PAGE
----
The first step I have taken (which is still a work in progress) is making sure to work as a trusted advisor – not just a vendor. Gone are the days of the sales process being: Lunch, Golf, and a few beers (and maybe not in that order). Today’s buyer is more sophisticated and is looking for added value and knowledge when doing business. Being a trusted advisor is someone who is called to research the insurance and risk management implications before the large purchase is made. Strong business acumen is key, and goes a long way in establishing yourself as a trusted advisor.
The second area where I have focused on to gain credibility with clients is to work with them on their total cost of risk. Anyone can get a copy of the policy, copy it, quote it, and pray that you have a better price and maybe better coverage than the competition. This is not differentiating yourself from the pack. What we do at Deland Gibson is to look at a client’s business, strategic and hazard risks and then formulate a long range plan to transfer, finance or mitigate these risks.
The last thing is simple: listening. Asking more questions, asking open ended questions, asking anything to get the prospect or client talking more, has helped me vastly. You can get so much more information by being a good listener and allowing the person sitting across from you to open up. Believe it or not many people enjoy talking about themselves and their business – why not use it to your advantage?
Chip Gibson, CISR is a Sales Associate at Deland, Gibson Insurance Associates, Inc. in Wellesley Hills, MA.
MAIA is fortunate to have so many member agents who are willing to share some of their perspectives and things they’ve learned about the industry. In the coming weeks we’ll be hearing from Board Members and Young Agents as guest bloggers on P&C Speaking. Christina Ahearn of Agostinelli & Teller Insurance in Framingham tells us about her first year in the biz….
“You’ve got a lot to learn” my father (also the owner of the agency I work at) told me when I started day one of my insurance career.
I said, “I know. I can do it”. I’ve always been a fast learner so I thought, no problem. Well, to this day…almost 4 years later, I am still learning and the industry continues to change, what seems like month to month. Whether it be underwriting rules, the fees and regulations of the Registry, the latest in social media or simply giving a customer an accurate quote on an auto or home policy. There is a lot to keep up with, and this is one of the reasons I have stayed in the insurance business; the fact that I am learning something new almost daily.
My first year was definitely both exciting and somewhat frustrating. I came from working 5 years in the health care industry at Children’s Hospital to a small office of three people in the insurance industry. Not an easy change in terms of the learning curve I was about to encounter. Taking classes at MAIA was a huge help to understanding this business. Now that I have my Property and Casualty license I rely on their classes to keep me and my license up to date. I look back to that first year when I thought, ‘No problem, I’ll learn quickly’. Now I think that my father was right.About Christina Ahern; Insurance Agent at Agostinelli & Teller Insurance Agency in Framingham, MA. I graduated from Westfield State College in 2002 with a degree in Psychology. I had been working in health care until I made the decision to come work for the family insurance business in 2007, which I never thought I would do, but here I am 4 years later! I have my P&C License and am a member of the Young Agents Committee -Massachusetts. I live in Natick with my husband and spend the summers on Cape Cod and the winters skiing up in Maine.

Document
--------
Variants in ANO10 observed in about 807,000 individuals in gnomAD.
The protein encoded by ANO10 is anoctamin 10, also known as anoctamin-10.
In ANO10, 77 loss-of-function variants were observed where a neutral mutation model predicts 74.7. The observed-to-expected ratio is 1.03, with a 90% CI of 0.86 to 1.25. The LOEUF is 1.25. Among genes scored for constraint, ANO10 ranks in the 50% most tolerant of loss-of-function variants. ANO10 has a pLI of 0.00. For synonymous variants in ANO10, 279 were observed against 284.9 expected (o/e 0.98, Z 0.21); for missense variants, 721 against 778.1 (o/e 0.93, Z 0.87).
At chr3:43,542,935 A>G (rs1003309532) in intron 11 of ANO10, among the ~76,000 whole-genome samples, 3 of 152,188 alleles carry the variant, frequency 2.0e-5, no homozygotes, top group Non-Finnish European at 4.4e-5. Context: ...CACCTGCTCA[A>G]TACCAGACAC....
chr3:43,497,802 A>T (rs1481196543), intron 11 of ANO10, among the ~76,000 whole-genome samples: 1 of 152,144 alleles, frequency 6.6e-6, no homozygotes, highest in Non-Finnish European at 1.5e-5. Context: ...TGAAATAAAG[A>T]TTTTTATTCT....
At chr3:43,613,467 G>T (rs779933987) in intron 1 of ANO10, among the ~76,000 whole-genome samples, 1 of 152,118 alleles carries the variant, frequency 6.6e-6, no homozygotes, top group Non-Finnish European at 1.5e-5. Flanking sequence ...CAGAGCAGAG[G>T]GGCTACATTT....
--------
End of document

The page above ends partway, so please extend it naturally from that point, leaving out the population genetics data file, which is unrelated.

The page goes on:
If you have an interest in becoming a guest blogger send an email to email@example.com. I’d love to hear from you.
This is the final post in our short series by guest blogger and MAIA member, Heidi Warner, eMarketing Executives at Encharter Insurance. Heidi has shared her Top 3 Social Media Time Management Tips. Read Part 1 and Part 2.
TIP 3: Guest Bloggers
The great thing about social media is that it’s “social”, which means interacting and connecting with other people. If you’re finding that generating content for your (now rigorous and consistent) social media posting schedule is getting harder and harder, don’t be afraid to ask for guest bloggers. These are bloggers who would write the occasional blog post for you to post on your blog; i.e. that is one LESS blog post you have to write, YOUR blog still gets the SEO credit and THEY get a link and an opportunity to showcase their expertise…it’s a WIN-WIN! Of course, don’t forget that it is still YOUR blog and it’s YOUR venue for showcasing your expertise, so guest bloggers should only have occasional appearances. Your readers want to hear from you because they already trust you.
Social media is definitely the direction in which business is moving and that includes the insurance industry. As an independent insurance agent, if you’ve recognized this technological shift but have had a hard time running your business and running your social media marketing strategy, just keep these 3 time management tips in mind. You’re on your way to social media success!
Thanks Heidi for being MAIA’s guest blogger this week!